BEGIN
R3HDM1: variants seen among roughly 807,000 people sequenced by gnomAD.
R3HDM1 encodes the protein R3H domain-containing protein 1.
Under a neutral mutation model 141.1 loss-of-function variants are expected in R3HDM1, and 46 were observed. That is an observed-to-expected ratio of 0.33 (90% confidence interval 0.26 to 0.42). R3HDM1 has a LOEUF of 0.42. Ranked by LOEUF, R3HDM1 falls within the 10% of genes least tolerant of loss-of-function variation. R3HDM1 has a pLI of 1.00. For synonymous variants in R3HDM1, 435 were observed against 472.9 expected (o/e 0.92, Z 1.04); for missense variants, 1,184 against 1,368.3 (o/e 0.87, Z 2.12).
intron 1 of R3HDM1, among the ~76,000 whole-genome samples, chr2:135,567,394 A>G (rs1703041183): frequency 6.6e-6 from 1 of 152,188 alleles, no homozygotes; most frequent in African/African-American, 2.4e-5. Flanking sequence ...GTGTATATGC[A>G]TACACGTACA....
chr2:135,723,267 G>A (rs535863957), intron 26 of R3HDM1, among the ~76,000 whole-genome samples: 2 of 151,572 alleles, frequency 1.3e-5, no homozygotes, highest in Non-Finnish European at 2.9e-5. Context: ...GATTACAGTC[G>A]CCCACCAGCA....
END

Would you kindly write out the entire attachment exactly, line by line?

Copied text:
R3HDM1: variants seen among roughly 807,000 people sequenced by gnomAD.
R3HDM1 encodes the protein R3H domain-containing protein 1.
Under a neutral mutation model 141.1 loss-of-function variants are expected in R3HDM1, and 46 were observed. That is an observed-to-expected ratio of 0.33 (90% confidence interval 0.26 to 0.42). R3HDM1 has a LOEUF of 0.42. Ranked by LOEUF, R3HDM1 falls within the 10% of genes least tolerant of loss-of-function variation. R3HDM1 has a pLI of 1.00. For synonymous variants in R3HDM1, 435 were observed against 472.9 expected (o/e 0.92, Z 1.04); for missense variants, 1,184 against 1,368.3 (o/e 0.87, Z 2.12).
intron 1 of R3HDM1, among the ~76,000 whole-genome samples, chr2:135,567,394 A>G (rs1703041183): frequency 6.6e-6 from 1 of 152,188 alleles, no homozygotes; most frequent in African/African-American, 2.4e-5. Flanking sequence ...GTGTATATGC[A>G]TACACGTACA....
chr2:135,723,267 G>A (rs535863957), intron 26 of R3HDM1, among the ~76,000 whole-genome samples: 2 of 151,572 alleles, frequency 1.3e-5, no homozygotes, highest in Non-Finnish European at 2.9e-5. Context: ...GATTACAGTC[G>A]CCCACCAGCA....